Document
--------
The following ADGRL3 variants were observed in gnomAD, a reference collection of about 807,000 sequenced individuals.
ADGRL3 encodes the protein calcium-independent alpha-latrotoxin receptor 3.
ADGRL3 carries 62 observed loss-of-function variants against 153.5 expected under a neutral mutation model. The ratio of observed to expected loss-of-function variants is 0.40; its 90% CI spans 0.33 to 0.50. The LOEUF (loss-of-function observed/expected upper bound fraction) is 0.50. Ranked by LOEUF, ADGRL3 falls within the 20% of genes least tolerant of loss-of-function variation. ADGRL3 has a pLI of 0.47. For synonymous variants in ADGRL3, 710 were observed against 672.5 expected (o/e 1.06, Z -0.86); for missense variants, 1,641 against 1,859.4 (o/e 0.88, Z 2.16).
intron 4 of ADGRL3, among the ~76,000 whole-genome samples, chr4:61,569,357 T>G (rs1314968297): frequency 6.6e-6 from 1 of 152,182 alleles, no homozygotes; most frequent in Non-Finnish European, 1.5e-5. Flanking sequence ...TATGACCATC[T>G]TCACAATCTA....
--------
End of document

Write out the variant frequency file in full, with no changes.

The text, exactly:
The following ADGRL3 variants were observed in gnomAD, a reference collection of about 807,000 sequenced individuals.
ADGRL3 encodes the protein calcium-independent alpha-latrotoxin receptor 3.
ADGRL3 carries 62 observed loss-of-function variants against 153.5 expected under a neutral mutation model. The ratio of observed to expected loss-of-function variants is 0.40; its 90% CI spans 0.33 to 0.50. The LOEUF (loss-of-function observed/expected upper bound fraction) is 0.50. Ranked by LOEUF, ADGRL3 falls within the 20% of genes least tolerant of loss-of-function variation. ADGRL3 has a pLI of 0.47. For synonymous variants in ADGRL3, 710 were observed against 672.5 expected (o/e 1.06, Z -0.86); for missense variants, 1,641 against 1,859.4 (o/e 0.88, Z 2.16).
intron 4 of ADGRL3, among the ~76,000 whole-genome samples, chr4:61,569,357 T>G (rs1314968297): frequency 6.6e-6 from 1 of 152,182 alleles, no homozygotes; most frequent in Non-Finnish European, 1.5e-5. Flanking sequence ...TATGACCATC[T>G]TCACAATCTA....